Claims

1. A computer-readable medium comprising:

a report generator configured to process a current version of a data set to produce a report including a data item;
a report data change tracker configured to identify a change in said data item with respect to a previous version of said data set; and
a report data change presenter configured to superimpose an indication of said change onto said report.

2. The computer-readable medium of claim 1, wherein said report generator is configured to retrieve said previous version of said data set and said current version of said data set from a data source in accordance with successive refreshes of a query associated with said report.

3. The computer-readable medium of claim 1, wherein said report generator is configured to calculate a current value of said data item based on said current version of said data set.

4. The computer-readable medium of claim 1, wherein said report data change tracker is configured to:

assign a previous version identifier to said previous version of said data set; and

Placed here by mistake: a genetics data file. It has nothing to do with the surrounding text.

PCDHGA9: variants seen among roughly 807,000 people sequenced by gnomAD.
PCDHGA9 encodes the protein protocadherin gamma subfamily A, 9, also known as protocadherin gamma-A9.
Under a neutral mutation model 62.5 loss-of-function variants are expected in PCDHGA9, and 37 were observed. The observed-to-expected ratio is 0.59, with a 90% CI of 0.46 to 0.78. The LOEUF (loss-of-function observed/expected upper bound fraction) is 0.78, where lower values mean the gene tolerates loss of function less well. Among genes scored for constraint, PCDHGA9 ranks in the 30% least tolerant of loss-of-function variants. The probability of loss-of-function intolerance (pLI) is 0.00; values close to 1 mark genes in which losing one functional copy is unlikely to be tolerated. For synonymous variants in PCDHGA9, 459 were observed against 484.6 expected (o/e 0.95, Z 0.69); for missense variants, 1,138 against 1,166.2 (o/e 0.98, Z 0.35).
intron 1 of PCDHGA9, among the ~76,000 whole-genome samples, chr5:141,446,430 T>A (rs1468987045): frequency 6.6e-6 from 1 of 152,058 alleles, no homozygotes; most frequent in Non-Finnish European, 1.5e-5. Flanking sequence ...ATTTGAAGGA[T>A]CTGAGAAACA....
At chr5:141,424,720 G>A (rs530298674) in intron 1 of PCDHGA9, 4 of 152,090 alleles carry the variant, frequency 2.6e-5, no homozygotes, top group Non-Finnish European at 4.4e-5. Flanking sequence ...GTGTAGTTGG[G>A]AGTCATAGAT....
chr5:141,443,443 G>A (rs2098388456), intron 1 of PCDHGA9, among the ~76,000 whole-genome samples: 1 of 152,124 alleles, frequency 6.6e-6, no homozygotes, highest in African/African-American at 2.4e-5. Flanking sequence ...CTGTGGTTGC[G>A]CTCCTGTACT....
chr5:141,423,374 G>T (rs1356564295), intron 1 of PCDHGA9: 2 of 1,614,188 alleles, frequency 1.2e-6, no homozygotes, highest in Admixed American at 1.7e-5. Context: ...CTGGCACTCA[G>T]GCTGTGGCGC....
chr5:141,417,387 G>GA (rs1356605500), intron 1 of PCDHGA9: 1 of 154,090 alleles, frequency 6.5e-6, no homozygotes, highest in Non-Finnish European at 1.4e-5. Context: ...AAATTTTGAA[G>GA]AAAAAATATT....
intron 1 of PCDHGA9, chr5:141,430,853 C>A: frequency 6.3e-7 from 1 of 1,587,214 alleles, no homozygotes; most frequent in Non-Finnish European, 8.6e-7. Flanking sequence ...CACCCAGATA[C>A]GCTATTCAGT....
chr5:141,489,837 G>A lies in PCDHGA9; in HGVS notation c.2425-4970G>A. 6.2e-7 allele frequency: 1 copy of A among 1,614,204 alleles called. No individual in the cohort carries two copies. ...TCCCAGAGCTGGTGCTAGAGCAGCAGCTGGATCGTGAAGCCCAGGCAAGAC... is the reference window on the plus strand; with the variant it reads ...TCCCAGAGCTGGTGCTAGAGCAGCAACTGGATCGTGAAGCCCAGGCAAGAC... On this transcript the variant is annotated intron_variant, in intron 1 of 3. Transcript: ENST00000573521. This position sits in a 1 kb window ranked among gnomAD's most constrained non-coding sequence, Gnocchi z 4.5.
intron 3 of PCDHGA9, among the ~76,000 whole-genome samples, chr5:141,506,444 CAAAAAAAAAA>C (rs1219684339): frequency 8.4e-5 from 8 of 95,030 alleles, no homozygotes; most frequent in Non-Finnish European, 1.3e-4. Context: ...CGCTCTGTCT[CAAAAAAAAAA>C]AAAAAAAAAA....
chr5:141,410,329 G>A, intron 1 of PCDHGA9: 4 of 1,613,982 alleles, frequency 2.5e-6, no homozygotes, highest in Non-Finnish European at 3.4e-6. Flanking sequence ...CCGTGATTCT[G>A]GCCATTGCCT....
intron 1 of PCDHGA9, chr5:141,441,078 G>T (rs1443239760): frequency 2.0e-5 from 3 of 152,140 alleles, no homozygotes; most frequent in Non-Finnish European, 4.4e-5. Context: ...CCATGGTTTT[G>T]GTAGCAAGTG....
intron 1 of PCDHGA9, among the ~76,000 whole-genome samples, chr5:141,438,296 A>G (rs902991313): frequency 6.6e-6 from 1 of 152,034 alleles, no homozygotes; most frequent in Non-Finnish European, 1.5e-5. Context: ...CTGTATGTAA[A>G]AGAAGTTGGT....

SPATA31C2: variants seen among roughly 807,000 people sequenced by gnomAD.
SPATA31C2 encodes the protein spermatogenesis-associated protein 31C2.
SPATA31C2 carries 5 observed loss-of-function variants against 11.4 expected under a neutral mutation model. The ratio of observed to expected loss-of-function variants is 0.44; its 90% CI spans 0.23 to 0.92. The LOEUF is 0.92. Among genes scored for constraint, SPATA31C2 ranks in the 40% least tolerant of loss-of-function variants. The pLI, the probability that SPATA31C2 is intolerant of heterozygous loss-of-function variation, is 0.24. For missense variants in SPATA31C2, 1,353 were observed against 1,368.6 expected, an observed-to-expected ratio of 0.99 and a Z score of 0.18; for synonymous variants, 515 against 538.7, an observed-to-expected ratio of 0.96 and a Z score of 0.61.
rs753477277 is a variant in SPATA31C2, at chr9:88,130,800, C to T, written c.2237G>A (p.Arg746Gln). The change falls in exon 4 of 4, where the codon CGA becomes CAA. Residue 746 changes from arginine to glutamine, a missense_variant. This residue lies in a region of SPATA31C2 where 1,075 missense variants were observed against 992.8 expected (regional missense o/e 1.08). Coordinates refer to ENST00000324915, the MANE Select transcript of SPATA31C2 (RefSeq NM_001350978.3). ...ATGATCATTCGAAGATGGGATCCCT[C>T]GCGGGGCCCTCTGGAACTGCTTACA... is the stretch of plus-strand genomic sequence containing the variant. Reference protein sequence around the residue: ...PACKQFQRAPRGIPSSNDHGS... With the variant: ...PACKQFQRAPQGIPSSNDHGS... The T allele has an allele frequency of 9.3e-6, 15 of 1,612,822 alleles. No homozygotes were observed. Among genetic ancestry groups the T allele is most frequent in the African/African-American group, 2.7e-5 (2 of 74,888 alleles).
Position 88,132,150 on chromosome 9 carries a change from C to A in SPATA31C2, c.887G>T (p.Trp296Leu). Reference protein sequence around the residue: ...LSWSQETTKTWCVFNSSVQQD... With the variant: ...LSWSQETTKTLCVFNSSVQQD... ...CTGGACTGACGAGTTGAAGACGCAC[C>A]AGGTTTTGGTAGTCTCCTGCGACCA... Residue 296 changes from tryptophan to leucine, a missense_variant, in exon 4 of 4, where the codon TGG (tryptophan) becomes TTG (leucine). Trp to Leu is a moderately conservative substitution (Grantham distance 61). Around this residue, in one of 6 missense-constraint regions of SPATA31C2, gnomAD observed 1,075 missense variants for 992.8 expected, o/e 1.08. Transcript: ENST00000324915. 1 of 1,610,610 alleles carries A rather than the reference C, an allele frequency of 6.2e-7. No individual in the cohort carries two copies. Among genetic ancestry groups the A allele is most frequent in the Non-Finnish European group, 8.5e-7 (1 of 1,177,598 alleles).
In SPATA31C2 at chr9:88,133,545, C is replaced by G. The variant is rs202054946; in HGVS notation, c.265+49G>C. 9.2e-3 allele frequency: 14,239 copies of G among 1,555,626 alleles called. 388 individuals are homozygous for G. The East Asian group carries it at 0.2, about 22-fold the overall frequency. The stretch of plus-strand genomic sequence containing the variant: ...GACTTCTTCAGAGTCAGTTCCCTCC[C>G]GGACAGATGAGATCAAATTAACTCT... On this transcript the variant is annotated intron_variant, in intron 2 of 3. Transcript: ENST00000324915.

assign a current version identifier to said current version of said data set.

5. The computer-readable medium of claim 4, wherein said previous version of said data set and said current version of said data set are associated with a multi-dimensional data model including a version dimension, and said previous version identifier and said current version identifier correspond to different values along said version dimension.

6. The computer-readable medium of claim 4, wherein said previous version of said data set and said current version of said data set are associated with a relational data model including a version field, and said previous version identifier and said current version identifier correspond to different values of said version field.

7. The computer-readable medium of claim 4, wherein said data item has a current value, and said report data change tracker is configured to:

select said previous version of said data set based on said previous version identifier;
calculate a previous value of said data item based on said previous version of said data set; and
compare said previous value of said data item with said current value of said data item.

8. The computer-readable medium of claim 7, wherein said report data change tracker is configured to compare said previous version of said data set with said current version of said data set so as to identify said change in said data item even if said previous value of said data item is equal to said current value of said data item.

9. The computer-readable medium of claim 1, wherein said report data change presenter is configured to superimpose said indication of said change onto said data item.